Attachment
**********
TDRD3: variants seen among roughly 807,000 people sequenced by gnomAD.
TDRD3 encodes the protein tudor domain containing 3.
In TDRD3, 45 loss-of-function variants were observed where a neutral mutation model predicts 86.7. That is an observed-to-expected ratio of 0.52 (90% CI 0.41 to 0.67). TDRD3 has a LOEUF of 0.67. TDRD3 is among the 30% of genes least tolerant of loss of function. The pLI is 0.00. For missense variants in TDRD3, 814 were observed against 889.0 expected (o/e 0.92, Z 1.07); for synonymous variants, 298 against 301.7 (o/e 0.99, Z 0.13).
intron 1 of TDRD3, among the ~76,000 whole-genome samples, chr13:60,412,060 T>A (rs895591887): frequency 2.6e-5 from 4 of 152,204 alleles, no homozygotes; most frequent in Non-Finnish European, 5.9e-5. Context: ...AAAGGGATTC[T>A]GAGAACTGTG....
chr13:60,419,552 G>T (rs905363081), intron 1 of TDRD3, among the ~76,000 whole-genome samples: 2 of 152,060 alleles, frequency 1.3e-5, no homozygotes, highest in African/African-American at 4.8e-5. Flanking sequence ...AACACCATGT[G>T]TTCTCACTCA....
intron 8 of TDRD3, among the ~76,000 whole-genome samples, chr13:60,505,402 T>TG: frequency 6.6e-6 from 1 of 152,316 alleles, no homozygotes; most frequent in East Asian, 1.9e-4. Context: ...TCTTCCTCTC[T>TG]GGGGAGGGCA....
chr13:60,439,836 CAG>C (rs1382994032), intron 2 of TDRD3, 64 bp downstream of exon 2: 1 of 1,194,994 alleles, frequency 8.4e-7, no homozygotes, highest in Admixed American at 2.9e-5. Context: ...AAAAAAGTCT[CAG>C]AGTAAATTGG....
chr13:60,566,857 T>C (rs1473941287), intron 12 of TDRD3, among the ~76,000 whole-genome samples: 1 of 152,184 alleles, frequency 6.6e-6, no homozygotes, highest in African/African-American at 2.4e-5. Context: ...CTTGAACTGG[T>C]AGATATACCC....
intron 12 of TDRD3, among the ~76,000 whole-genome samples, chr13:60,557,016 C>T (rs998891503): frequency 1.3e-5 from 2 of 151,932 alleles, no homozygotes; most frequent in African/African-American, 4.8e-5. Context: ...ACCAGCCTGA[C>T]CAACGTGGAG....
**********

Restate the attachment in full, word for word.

TDRD3: variants seen among roughly 807,000 people sequenced by gnomAD.
TDRD3 encodes the protein tudor domain containing 3.
In TDRD3, 45 loss-of-function variants were observed where a neutral mutation model predicts 86.7. That is an observed-to-expected ratio of 0.52 (90% CI 0.41 to 0.67). TDRD3 has a LOEUF of 0.67. TDRD3 is among the 30% of genes least tolerant of loss of function. The pLI is 0.00. For missense variants in TDRD3, 814 were observed against 889.0 expected (o/e 0.92, Z 1.07); for synonymous variants, 298 against 301.7 (o/e 0.99, Z 0.13).
intron 1 of TDRD3, among the ~76,000 whole-genome samples, chr13:60,412,060 T>A (rs895591887): frequency 2.6e-5 from 4 of 152,204 alleles, no homozygotes; most frequent in Non-Finnish European, 5.9e-5. Context: ...AAAGGGATTC[T>A]GAGAACTGTG....
chr13:60,419,552 G>T (rs905363081), intron 1 of TDRD3, among the ~76,000 whole-genome samples: 2 of 152,060 alleles, frequency 1.3e-5, no homozygotes, highest in African/African-American at 4.8e-5. Flanking sequence ...AACACCATGT[G>T]TTCTCACTCA....
intron 8 of TDRD3, among the ~76,000 whole-genome samples, chr13:60,505,402 T>TG: frequency 6.6e-6 from 1 of 152,316 alleles, no homozygotes; most frequent in East Asian, 1.9e-4. Context: ...TCTTCCTCTC[T>TG]GGGGAGGGCA....
chr13:60,439,836 CAG>C (rs1382994032), intron 2 of TDRD3, 64 bp downstream of exon 2: 1 of 1,194,994 alleles, frequency 8.4e-7, no homozygotes, highest in Admixed American at 2.9e-5. Context: ...AAAAAAGTCT[CAG>C]AGTAAATTGG....
chr13:60,566,857 T>C (rs1473941287), intron 12 of TDRD3, among the ~76,000 whole-genome samples: 1 of 152,184 alleles, frequency 6.6e-6, no homozygotes, highest in African/African-American at 2.4e-5. Context: ...CTTGAACTGG[T>C]AGATATACCC....
intron 12 of TDRD3, among the ~76,000 whole-genome samples, chr13:60,557,016 C>T (rs998891503): frequency 1.3e-5 from 2 of 151,932 alleles, no homozygotes; most frequent in African/African-American, 4.8e-5. Context: ...ACCAGCCTGA[C>T]CAACGTGGAG....